PRE-ORDER - Available November 2021
Welcome, hoopleheads! We are making a A Lie Agreed Upon: The Deadwood Chronicles. A book about the making of David Milch's classic HBO series Deadwood, which recently wrapped up its story with a TV movie, 13 years after its traumatic cancellation. The book will look like an old Bible, written by me, with an introduction by bestselling novelist Megan Abbott (Dare Me), extensive footnotes, and drawings by Max Dalton that channel dime novels and Charles Dickens illustrations.
ABOUT ME AND THE BOOK
I've been writing about Deadwood for 15 years, starting when I was a TV columnist for The Star-Ledger of New Jersey (two set visits, in 2005 and 2006), and continuing at Slant, Salon, and most recently New York magazine (they flew me to the film set in 2018, and it resulted in an exclusive interview with Milch in which he revealed his diagnosis of Alzheimer's disease).
But here's the thing: Although I've done numerous books about film and TV--including The Wes Anderson Collection, The Wes Anderson Collection: Grand Budapest Hotel, Mad Men Carousel, TV: The Book, and The Sopranos Sessions--this Deadwood book is something that can't be produced within the commercial system. It's too much of a peculiar, obsessive collector's item/art object.
As you can see from the cover mockup, A Lie Agreed Upon will look like a Bible from the early 20th century (it's specifically modeled on my grandfather's Bible), so that if you read it in public, people will assume you're just refreshing your knowledge of the Gospels. Reverend Smith would approve.
The heart of the book is a thoroughly reported history of the series, broken into seven chapters, plus illustrations, footnotes, an introduction, and an appendix of critical essays on all the episodes. Here's a detailed breakdown:
Introduction. By crime fiction writer Megan Abbott, the bestselling author of Give Me Your Hand, You Will Know Me, and Dare Me, and a staff writer on HBO's The Deuce. Fans of my work will also recognize Megan from her marvelous introduction to Mad Men Carousel.
Chapter 1: Beginnings. David Milch before Deadwood. Covering some of his personal history at Yale, as Robert Penn Warren's assistant, as an acclaimed young writer on Hill Street Blues, as a writer-producer on NYPD Blue and subsequent dramas, then finally pitching a show about Rome to HBO, finding out they already had a show in the works called Rome, and changing his pitch to a Western.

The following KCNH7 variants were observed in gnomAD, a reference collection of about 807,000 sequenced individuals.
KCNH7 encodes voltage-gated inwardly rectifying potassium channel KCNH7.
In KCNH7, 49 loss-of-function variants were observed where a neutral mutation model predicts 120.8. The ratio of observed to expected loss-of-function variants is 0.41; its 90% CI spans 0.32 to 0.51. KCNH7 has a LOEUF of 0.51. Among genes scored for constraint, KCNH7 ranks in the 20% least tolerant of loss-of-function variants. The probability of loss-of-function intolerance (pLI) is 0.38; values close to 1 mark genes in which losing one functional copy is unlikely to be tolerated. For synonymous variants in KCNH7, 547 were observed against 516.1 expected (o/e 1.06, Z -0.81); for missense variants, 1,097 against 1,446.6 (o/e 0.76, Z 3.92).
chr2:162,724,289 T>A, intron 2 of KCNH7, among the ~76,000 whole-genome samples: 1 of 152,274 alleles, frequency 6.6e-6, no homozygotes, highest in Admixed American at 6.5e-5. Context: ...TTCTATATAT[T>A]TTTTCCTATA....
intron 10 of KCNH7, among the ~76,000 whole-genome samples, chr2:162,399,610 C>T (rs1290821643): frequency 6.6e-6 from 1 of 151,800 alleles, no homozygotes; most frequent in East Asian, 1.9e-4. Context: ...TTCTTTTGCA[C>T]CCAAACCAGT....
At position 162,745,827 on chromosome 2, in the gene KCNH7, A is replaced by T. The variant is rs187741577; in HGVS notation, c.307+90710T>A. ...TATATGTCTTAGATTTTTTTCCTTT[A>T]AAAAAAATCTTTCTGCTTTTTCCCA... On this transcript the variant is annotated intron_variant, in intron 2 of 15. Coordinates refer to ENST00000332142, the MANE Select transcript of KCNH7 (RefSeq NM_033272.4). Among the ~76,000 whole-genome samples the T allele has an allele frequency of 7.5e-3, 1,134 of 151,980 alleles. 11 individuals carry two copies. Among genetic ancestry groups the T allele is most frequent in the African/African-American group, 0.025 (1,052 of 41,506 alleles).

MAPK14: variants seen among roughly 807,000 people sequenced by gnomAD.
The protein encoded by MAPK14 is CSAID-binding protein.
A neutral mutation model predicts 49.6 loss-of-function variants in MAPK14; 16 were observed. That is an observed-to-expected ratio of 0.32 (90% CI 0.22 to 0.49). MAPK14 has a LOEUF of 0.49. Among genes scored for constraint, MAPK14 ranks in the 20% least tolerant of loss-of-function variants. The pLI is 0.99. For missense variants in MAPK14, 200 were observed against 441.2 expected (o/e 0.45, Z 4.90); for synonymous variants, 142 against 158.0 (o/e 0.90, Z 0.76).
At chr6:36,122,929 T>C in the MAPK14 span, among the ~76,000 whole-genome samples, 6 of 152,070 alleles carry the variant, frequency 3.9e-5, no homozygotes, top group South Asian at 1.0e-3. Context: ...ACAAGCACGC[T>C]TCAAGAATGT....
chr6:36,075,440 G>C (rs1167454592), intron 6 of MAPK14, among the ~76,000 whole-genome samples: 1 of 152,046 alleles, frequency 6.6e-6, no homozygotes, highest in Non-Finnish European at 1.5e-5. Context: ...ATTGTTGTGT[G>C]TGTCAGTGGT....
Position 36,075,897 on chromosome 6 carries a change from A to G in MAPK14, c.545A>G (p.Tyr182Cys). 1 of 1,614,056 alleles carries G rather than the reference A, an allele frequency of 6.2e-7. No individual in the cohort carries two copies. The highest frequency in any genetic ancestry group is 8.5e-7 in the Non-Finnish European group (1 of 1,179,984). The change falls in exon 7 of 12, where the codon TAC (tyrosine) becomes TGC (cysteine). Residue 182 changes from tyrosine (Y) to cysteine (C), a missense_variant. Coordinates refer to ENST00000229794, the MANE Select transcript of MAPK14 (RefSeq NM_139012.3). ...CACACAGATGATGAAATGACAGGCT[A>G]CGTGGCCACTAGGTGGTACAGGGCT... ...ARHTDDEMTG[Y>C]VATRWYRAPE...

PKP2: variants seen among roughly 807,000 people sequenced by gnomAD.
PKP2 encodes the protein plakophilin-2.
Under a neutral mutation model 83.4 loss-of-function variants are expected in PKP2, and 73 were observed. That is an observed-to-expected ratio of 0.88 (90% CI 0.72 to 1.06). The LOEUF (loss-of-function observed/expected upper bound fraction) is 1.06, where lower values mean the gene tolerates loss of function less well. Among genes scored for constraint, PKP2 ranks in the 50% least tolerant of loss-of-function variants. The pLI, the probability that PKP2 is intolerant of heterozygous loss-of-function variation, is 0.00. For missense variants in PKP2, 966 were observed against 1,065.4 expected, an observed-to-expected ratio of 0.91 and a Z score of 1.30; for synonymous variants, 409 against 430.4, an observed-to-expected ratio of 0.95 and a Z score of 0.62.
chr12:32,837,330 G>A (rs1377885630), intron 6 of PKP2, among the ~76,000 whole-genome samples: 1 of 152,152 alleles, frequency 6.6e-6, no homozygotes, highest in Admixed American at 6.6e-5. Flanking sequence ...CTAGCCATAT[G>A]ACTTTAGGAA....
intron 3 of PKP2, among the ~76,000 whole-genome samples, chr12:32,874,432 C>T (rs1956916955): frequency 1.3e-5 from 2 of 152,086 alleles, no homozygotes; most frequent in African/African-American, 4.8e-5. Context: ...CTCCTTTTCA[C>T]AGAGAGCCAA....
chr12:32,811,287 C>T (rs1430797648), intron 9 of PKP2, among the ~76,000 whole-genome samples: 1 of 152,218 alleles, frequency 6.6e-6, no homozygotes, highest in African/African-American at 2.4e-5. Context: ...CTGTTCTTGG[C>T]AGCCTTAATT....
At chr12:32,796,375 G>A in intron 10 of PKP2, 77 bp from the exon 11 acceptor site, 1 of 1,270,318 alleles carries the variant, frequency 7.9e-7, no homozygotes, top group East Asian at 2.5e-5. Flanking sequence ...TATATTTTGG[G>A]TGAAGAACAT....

Chapter 2: Pilot. The writing, casting and shooting of the pilot episode. This chapter will include origin stories of the principal cast, Milch's hiring of director Walter Hill, and the creation of the main set at Melody Ranch Studios near Los Angeles.
Chapters 3-5: The Seasons. These chapters will cover the production of seasons 1, 2 and 3, including the addition of new cast members, concerns about falling ratings, controversies over the show's language and violence, and the series' place within the pantheon of early-aughts TV dramas built around antiheroic characters. These chapters will draw on my archive of interviews with principal and secondary actors as well as the cast and crew, including so-called "below the line" people who worked in specific craft-oriented jobs and who aren't normally included in a book of this sort. This section ends with the show's shocking cancellation in 2006, and goes into differing accounts of what happened.
Chapter 6: The Wilderness. Wherein Milch tries to get other series going at HBO, with varying degrees of success, including John From Cincinnati (one season), Luck (one season) and Last of the Ninth and The Money (pilot only). Meanwhile, the main cast members move on to other shows, including Justified, starring Timothy Olyphant; House of Cards, costarring Molly Parker, Supernatural, costarring Jim Beaver; American Gods, starring Ian McShane, and Sons of Anarchy, which employed so many former regulars that I've joked was a part of the Deadwood Actors Full Employment Act of 2006.
Chapter 7: The Movie. Self-explanatory.
Appendix: Recaps. Critical essays on every episode of the show, plus the film. These will certainly contain detailed footnotes on the story; the characters' psychology; the ratio of historical fact to Milch's fiction; Deadwood's kinship to Western movies and literature, the Bible, and Shakespeare; and other fun stuff. Many of these footnotes will be written by me, but there will also be contributions from colleagues who are experts on particular aspects of the show and the history it draws on.
As is my policy, the recaps will discuss things that have already happened, but never things that haven't happened yet. That way first-time viewers can use the recap section of A Lie Agreed Upon as a viewing guide.
And now here comes something really cool:
Max Dalton, an Argentina-based graphic artist and illustrator who did drawings for my Wes Anderson books and Mad Men Carousel, is on board to do a series of original illustrations for this book, based on key incidents in Deadwood.
These will be done in a modified version of his signature style, drawing partial inspiration from dime novels and the pen-and-ink caricatures that used to appear in bound editions of novels by Charles Dickens. Here's a rough, early version of a sketch of the shooting of Wild Bill Hickok by the coward Jack McCall. They will appear in the recaps section, always on the page where the event in question is written about, in order to prevent accidental spoilers.
Dimensions: 6.4 x 1.5 x 9.4 inches